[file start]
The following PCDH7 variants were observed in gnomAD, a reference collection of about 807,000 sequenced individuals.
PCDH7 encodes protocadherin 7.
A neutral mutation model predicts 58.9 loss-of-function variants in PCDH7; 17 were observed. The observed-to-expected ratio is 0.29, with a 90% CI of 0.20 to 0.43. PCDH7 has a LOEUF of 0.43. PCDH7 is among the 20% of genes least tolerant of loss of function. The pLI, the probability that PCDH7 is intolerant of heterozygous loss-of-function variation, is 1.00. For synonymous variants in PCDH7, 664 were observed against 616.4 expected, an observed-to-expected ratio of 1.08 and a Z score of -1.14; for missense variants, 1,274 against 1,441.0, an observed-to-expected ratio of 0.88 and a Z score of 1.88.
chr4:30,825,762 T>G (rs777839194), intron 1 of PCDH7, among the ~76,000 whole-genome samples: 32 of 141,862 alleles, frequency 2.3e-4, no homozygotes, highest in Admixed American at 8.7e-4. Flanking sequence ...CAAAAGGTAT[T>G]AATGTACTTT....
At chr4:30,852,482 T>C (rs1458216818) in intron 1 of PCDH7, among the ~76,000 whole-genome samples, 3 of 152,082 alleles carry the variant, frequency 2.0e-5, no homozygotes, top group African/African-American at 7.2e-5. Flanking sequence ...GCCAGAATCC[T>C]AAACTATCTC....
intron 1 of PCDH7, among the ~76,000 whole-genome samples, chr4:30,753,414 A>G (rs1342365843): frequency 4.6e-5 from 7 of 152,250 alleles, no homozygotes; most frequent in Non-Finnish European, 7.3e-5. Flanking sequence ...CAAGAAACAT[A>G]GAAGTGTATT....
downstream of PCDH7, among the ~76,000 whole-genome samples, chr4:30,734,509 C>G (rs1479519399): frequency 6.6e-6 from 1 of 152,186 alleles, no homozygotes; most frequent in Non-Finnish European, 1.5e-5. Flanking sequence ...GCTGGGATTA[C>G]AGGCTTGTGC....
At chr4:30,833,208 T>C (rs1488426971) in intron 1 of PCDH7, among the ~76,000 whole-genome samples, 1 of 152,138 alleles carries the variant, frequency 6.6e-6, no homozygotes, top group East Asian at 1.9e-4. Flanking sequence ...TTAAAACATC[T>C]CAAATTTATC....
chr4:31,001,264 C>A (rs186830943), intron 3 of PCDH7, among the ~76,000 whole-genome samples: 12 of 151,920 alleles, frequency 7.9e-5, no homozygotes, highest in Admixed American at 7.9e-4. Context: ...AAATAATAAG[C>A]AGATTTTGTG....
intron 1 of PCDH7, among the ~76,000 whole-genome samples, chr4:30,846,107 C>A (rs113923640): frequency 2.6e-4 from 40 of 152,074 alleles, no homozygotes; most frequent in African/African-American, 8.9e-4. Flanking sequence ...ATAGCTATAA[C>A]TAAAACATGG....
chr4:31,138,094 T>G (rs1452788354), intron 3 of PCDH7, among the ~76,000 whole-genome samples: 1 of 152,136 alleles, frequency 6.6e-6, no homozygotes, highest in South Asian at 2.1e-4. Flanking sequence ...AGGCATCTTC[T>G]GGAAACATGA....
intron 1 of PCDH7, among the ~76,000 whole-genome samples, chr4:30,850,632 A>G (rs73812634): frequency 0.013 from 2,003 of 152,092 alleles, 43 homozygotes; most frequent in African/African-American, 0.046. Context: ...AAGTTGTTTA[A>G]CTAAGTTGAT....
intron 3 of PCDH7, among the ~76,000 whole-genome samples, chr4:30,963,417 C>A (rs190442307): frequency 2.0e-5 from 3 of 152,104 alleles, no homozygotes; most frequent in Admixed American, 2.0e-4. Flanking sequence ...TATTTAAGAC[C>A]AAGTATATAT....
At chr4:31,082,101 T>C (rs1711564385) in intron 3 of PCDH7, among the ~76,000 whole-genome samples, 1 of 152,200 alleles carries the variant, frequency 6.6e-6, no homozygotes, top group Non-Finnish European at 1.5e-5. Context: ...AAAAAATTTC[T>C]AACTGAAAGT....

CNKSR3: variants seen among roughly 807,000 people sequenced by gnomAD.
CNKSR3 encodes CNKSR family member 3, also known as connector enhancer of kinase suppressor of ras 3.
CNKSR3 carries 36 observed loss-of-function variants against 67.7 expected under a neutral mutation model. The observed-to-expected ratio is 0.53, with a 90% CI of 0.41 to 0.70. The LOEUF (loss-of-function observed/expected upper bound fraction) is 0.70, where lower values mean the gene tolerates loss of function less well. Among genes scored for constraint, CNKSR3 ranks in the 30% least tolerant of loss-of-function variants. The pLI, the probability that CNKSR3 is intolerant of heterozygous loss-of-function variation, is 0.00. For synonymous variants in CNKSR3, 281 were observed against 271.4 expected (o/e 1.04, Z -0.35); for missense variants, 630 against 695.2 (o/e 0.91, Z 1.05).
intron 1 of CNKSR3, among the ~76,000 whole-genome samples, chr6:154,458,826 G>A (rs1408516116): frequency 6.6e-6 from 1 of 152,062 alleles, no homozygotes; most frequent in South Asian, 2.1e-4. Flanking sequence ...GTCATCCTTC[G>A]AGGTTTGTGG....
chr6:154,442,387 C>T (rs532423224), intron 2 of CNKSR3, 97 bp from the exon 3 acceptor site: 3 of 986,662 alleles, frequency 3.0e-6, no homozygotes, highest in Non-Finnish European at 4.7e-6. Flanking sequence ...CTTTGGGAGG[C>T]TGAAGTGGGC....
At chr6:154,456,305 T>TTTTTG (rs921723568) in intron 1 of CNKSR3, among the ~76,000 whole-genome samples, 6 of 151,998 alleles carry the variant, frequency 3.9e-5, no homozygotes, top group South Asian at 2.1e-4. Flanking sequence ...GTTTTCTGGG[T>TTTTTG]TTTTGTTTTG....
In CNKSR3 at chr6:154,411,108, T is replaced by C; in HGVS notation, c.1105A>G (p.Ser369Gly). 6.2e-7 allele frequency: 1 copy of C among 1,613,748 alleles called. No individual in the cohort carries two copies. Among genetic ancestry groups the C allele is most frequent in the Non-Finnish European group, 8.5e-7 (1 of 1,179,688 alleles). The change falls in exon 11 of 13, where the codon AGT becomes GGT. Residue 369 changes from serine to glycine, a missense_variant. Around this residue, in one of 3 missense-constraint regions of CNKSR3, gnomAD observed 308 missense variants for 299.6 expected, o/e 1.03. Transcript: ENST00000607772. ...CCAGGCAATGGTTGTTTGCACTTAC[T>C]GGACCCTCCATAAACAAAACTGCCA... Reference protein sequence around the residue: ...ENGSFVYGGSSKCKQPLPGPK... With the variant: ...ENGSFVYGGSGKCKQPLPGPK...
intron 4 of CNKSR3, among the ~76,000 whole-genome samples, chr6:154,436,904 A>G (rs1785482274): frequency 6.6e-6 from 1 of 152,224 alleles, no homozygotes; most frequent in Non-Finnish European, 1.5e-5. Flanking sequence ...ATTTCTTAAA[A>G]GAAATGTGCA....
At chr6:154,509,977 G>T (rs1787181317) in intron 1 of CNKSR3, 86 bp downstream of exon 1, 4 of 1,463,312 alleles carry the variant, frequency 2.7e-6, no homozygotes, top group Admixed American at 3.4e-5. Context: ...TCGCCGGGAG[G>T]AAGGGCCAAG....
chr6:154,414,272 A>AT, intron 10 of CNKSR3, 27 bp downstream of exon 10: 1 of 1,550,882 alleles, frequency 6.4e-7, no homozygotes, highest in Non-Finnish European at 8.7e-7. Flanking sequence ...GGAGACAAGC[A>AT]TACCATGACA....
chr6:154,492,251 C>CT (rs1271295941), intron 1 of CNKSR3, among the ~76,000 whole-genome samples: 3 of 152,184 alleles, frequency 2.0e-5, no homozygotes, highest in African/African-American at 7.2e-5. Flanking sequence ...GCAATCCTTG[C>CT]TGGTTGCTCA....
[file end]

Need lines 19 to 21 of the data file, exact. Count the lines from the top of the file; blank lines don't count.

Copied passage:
chr6:154,442,387 C>T (rs532423224), intron 2 of CNKSR3, 97 bp from the exon 3 acceptor site: 3 of 986,662 alleles, frequency 3.0e-6, no homozygotes, highest in Non-Finnish European at 4.7e-6. Flanking sequence ...CTTTGGGAGG[C>T]TGAAGTGGGC....
At chr6:154,456,305 T>TTTTTG (rs921723568) in intron 1 of CNKSR3, among the ~76,000 whole-genome samples, 6 of 151,998 alleles carry the variant, frequency 3.9e-5, no homozygotes, top group South Asian at 2.1e-4. Flanking sequence ...GTTTTCTGGG[T>TTTTTG]TTTTGTTTTG....
In CNKSR3 at chr6:154,411,108, T is replaced by C; in HGVS notation, c.1105A>G (p.Ser369Gly). 6.2e-7 allele frequency: 1 copy of C among 1,613,748 alleles called. No individual in the cohort carries two copies. Among genetic ancestry groups the C allele is most frequent in the Non-Finnish European group, 8.5e-7 (1 of 1,179,688 alleles). The change falls in exon 11 of 13, where the codon AGT becomes GGT. Residue 369 changes from serine to glycine, a missense_variant. Around this residue, in one of 3 missense-constraint regions of CNKSR3, gnomAD observed 308 missense variants for 299.6 expected, o/e 1.03. Transcript: ENST00000607772. ...CCAGGCAATGGTTGTTTGCACTTAC[T>C]GGACCCTCCATAAACAAAACTGCCA... Reference protein sequence around the residue: ...ENGSFVYGGSSKCKQPLPGPK... With the variant: ...ENGSFVYGGSGKCKQPLPGPK...